In order to illustrate this concept, we perform numerical simulations for \(s\) and \(d\)wave BCS superconductors to study the nonequilibrium response to momentumdependent quantum quenches. The Hamiltonian we are investigating is given by
with \({f}_{{\bf{k}}}\) describing the symmetry of the interaction, \(V\) the interaction strength, and the normal state Hamiltonian \({H}_{0}={\sum }_{{\bf{k}}\sigma }{\epsilon }_{{\bf{k}}}{c}_{{\bf{k}}\sigma }^{\dagger }{c}_{{\bf{k}}\sigma }\), where \({c}_{{\bf{k}}\sigma }^{\dagger }\) creates electrons with momentum \({\bf{k}}\) and spin \(\sigma\). Within the BCS solution, the gap is determined by
Now we perform a quantum quench by changing the symmetry of the condensate \(\langle {c}_{{\bf{k}}\downarrow }{c}_{{\bf{k}}\uparrow }\rangle\) slightly away from its equilibrium value
with \({f}_{{\bf{k}}}^{{\prime} }={f}_{{\bf{k}}}+\delta {f}_{{\bf{k}}}^{{\rm{q}}}\), where \({f}_{{\bf{k}}}^{{\rm{q}}}\) is the quench symmetry and \(\delta\) the quench strength. The equilibrium value of the condensate has the symmetry of the gap \({f}_{{\bf{k}}}\) which is not changed and always remains in a single symmetry sector. After the quench, we calculate the Higgs oscillation of the order parameter as a function of time by evaluating the timedependent gap Eq. (2), which sums the oscillations of the condensate in momentum space. For the temporal evolution, we use Anderson pseudospin formalism^{53}, where the timeevolution is governed by Bloch equations. More details are given in the Methods.
For a given gap symmetry, there are different oscillations possible for the condensate, which can be excited depending on the symmetry of the quench. We use a new notation to describe this oscillation symmetry, which takes the gap symmetry into account. We add as an additional information the gap symmetry as subscript to the group theoretic notation of the irreducible representation name. We observe that depending on gap and quench symmetries not only the wellknown \(2\Delta\) Higgs mode occurs in the spectrum of the Higgs oscillation, which appears independent on the quench due to coupling between the modes, but also a second mode at lower energy.
Two examples for this observation are shown in Fig. 3. In Fig. 3a, we see the Higgs oscillations of the \({d}_{{x}^{2}{y}^{2}}\) gap after a \({f}_{{\bf{k}}}^{{\rm{q}}} \sim {x}^{2}{y}^{2}\) and \({f}_{{\bf{k}}}^{{\rm{q}}} \sim 1\) quench, which excites \({A}_{{x}^{2}{y}^{2}}^{1{\rm{g}}}\) or \({B}_{{x}^{2}{y}^{2}}^{1{\rm{g}}}\) oscillations of the condensate. The \({f}_{{\bf{k}}}^{{\rm{q}}} \sim 1\) quench for a \(s\)wave superconductor is shown in red for comparison. We highlight that the \(d\)wave oscillations decay much faster than the \(s\)wave oscillations. This can be traced back to the stronger dephasing of the mode due to coupling to the gapless quasiparticles in the \(d\)wave case. The final value of the gap, i.e. \({\Delta }_{\infty }\), depends on the strength of the quench, i.e. how strongly the initial states deviate from the equilibrium state^{42,43}. Figure 3b shows the Fourier transform of the Higgs oscillations. The large peak at \(2{\Delta }_{\infty }\) corresponds to the symmetric \({A}_{{x}^{2}{y}^{2}}^{1{\rm{g}}}\) oscillation of the condensate.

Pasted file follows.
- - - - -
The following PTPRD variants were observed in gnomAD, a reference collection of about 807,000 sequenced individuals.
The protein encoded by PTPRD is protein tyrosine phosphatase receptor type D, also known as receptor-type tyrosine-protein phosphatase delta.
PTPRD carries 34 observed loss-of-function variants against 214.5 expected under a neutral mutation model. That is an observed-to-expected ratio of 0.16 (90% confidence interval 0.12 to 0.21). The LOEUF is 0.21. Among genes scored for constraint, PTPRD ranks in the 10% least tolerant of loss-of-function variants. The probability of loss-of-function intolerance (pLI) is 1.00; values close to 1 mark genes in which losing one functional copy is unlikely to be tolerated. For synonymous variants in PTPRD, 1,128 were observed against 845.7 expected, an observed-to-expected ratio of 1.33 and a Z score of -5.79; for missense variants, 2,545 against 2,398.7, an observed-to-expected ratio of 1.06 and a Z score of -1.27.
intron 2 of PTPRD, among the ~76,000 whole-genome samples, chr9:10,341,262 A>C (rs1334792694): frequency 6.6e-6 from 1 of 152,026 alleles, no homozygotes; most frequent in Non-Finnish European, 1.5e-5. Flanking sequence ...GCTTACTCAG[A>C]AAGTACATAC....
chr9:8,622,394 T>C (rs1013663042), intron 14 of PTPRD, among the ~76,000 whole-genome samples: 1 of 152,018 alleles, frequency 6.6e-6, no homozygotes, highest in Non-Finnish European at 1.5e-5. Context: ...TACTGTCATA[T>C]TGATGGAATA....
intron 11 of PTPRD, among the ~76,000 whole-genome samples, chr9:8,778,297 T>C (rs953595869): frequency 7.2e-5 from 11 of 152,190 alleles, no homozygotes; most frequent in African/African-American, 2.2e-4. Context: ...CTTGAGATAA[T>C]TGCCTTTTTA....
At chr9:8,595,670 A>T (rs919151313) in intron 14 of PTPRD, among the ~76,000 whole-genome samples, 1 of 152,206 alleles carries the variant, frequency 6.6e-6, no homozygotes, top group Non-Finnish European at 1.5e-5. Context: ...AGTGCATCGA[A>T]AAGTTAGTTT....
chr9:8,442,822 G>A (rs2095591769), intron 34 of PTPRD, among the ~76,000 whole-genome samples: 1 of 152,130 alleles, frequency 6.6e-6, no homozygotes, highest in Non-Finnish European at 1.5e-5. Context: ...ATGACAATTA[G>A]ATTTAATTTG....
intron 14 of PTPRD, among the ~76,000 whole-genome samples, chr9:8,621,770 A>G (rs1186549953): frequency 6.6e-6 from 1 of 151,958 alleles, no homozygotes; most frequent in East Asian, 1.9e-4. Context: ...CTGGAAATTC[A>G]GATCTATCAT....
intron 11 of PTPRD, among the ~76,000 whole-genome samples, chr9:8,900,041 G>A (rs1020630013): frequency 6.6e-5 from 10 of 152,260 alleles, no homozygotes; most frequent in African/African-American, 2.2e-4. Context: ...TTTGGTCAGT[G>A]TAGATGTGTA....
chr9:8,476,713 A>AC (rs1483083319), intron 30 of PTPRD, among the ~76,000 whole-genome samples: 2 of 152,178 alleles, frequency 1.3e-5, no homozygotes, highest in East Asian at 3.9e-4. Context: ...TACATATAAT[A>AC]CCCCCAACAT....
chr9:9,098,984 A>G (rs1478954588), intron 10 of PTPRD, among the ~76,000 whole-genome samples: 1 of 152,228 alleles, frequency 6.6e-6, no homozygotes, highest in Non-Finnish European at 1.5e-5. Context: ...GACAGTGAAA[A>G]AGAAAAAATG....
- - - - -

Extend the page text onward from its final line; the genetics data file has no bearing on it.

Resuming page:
Most importantly, a second lowenergy mode is visible for the \(d\)wave superconductor after the \({f}_{{\bf{k}}}^{{\rm{q}}} \sim 1\) quench. This mode does not exist for pure \(s\)wave superconductors and it is also not excitable by the \({f}_{{\bf{k}}}^{{\rm{q}}} \sim {x}^{2}{y}^{2}\) quench in the \(d\)wave case, as the quench has the same symmetry as the groundstate gap. Similarly for other combinations of gap and quench symmetries, additional modes can be identified. Thus there exists a direct connection between the symmetry of the gap and the existence of lowenergy Higgs modes.
To understand the nature of the second mode in more detail, we perform a linear analysis of the gap dynamics after a quantum quench. Specifically, we analytically compute the dynamics of the gap according to the expansion